Every twist and turn of the COVID saga can leave your head spinning, and while headlines about the omicron variant can be deflating, there’s good news too, with Merck and Pfizer pill treatments coming out that should help reduce COVID to an epidemic nuisance rather than the fierce and novel virus it has been. Travel advisors are always here to help answer any questions you may have about the latest travel requirements for your destination. Fortunately, there are new places opening their borders to tourism this month and in 2022 that will allow us to explore once again much of the world. With each protocol change that comes out, it’s abundantly clear that being fully vaccinated will open more doors for travelers.
Just in the last few weeks, places as far-flung as Fiji, India, the Cayman Islands, Madagascar, Cambodia, Vietnam, Cuba, Grenada, and Uruguay have begun welcoming foreign visitors. There’s a growing list of countries set to join them in 2022.
New Zealand has announced plans to reopen to fully vaccinated visitors from April 30, though among the protocols is a weeklong quarantine, so be prepared for that if you’re planning to head to that part of the world. Depending on how reopening goes, COVID-19 Minister Chris Hipkins said, the quarantine requirement could be removed for visitors from certain countries throughout the year, so that’s something to keep an eye on for those longing to be 100% pure New Zealand.
Hong Kong is working on opening around mid-2022, making sure the densely populated metropolis is equipped to keep its citizens safe. “We maybe need half a year or so to develop an adequate vaccination rate, especially among the older people,” Lam Ching-choi, a member of the government’s working group on vaccinations, said in November. “Hopefully by then, we have opened up the border with China and we might have conditions favorable to open up the border to other places.”
Already testing a pilot reopening program on the island of Langkawi, Malaysia plans to fully open to vaccinated visitors in time to ring in the new year. As of mid-November, more than 75% of the country’s residents had been vaccinated, prompting hopes the full reopening could come before the Jan. 1 target. Malaysia has already opened a travel lane with neighboring Singapore so fully vaccinated travelers can pass between the nations without quarantine.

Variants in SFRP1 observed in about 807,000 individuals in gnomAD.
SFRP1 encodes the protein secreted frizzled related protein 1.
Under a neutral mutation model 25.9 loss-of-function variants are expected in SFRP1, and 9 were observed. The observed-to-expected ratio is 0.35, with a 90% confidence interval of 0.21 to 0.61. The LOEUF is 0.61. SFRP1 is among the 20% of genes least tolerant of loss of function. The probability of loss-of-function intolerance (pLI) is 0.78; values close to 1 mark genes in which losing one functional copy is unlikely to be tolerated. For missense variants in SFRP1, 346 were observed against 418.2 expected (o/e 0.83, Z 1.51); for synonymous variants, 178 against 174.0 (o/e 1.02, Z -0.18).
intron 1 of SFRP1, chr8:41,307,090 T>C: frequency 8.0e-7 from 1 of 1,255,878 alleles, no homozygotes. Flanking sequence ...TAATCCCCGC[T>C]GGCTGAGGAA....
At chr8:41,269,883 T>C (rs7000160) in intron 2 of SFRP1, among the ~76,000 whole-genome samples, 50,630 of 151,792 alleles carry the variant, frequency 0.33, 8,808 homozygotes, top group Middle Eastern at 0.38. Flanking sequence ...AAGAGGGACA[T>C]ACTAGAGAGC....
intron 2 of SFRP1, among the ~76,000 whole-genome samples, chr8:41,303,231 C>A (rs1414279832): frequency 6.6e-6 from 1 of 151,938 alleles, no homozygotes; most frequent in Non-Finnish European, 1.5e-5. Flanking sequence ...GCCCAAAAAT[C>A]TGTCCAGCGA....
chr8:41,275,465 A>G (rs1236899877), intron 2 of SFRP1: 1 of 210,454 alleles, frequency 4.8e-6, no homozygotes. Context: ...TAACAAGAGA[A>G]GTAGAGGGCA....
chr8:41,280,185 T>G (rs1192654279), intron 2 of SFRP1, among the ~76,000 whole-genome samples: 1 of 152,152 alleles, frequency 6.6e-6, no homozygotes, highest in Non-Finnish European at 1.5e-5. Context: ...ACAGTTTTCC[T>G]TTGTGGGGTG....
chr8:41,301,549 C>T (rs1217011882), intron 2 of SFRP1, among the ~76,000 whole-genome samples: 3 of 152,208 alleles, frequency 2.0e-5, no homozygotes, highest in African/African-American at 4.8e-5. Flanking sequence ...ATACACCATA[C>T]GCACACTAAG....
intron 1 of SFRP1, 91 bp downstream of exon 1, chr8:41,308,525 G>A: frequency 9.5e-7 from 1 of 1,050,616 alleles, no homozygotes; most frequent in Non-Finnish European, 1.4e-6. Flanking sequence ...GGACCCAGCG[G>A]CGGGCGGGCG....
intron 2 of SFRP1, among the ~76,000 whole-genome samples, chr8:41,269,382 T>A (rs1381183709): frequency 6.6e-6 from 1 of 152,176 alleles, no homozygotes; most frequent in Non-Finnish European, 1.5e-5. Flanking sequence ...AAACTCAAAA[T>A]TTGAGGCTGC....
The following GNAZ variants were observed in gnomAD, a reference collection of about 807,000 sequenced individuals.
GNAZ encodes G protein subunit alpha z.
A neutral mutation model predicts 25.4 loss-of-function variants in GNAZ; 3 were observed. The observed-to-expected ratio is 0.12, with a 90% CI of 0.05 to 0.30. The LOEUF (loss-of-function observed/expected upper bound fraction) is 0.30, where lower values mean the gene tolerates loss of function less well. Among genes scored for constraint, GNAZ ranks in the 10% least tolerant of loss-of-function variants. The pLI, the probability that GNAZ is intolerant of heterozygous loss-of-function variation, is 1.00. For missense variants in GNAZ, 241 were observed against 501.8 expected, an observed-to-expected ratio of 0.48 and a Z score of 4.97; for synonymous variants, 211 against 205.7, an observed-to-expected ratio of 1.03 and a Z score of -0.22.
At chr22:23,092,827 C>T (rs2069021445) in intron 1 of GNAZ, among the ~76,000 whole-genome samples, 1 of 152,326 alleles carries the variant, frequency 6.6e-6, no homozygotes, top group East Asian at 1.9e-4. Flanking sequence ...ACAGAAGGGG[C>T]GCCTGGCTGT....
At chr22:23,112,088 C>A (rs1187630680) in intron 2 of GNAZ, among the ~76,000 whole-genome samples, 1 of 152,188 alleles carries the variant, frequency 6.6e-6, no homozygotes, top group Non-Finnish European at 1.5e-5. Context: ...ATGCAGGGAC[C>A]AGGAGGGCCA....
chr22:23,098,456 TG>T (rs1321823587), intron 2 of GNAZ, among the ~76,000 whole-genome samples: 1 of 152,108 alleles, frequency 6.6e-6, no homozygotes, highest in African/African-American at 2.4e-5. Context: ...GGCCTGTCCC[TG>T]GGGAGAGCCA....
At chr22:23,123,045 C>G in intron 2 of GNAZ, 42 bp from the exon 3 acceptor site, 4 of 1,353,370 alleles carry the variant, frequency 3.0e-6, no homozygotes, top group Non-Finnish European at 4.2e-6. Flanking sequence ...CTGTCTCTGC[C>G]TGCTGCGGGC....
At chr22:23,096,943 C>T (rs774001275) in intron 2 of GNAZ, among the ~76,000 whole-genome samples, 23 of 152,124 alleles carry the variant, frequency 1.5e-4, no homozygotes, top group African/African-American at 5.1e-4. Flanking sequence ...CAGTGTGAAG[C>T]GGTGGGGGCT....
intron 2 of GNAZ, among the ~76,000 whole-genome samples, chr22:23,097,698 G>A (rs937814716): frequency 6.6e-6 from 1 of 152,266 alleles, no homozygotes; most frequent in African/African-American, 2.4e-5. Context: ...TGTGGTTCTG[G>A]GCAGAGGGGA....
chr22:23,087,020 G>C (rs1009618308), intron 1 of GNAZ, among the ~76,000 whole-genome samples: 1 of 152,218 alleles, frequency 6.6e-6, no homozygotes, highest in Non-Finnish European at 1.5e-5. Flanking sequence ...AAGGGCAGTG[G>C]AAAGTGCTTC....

We look forward to many more borders reopening in the year to come, and we’ll keep you updated on announcements as they come. Given the still-high demand for travel in 2022 and forgiving cancellation policies, we still advise that if you have a destination in mind, you get something booked as soon as possible to secure the space. Your travel advisor will help guide you through the process and recommend the right travel insurance to protect your investment. There are sure to be more travel changes in 2022, here’s hoping it’s mostly good news.
It’s been far from perfect, but we’ve been able to enjoy a lot more activities in 2021 than we did the year before. And while COVID is going to be part of life for a while, even more events are poised to happen in 2022. There can still be setbacks, such as more variants and cancellations like those of the Munich Christmas markets. That’s why travel insurance is so important. But there’s much to look forward to in the coming year.
The Passion Play in Oberammergau, Germany, is scheduled to go from May to October after a two-year postponement. The play was started as a way to give thanks after a 17th-century plague receded. The tradition will continue with a hearkening back and a looking forward after another plague has disrupted the flow of life.
After a year delay, the Tokyo Summer Olympics went ahead, and just a few months later, from Feb. 4-20 the Winter Olympics will take place in and around Beijing. Athletes from 80 nations will compete in more than 100 events, with strict COVID protocols and no shortage of political intrigue surrounding the games. Beijing will be the first city to host both Summer and Winter Olympics, having staged the 2008 summer games.
On the heels of last summer’s continental championships, the World Cup is slated for its original dates in November and December in Qatar. The traditional Northern Hemisphere summer dates of soccer’s quadrennial world championship moved to avoid the worst of the desert heat. Temperatures should be in the 70s and 60s Fahrenheit during the tournament, far better than the 100-plus that would have greeted players and fans in July. Some lucky nation will take home a gift to remember from the final, which is slated for a week before Christmas.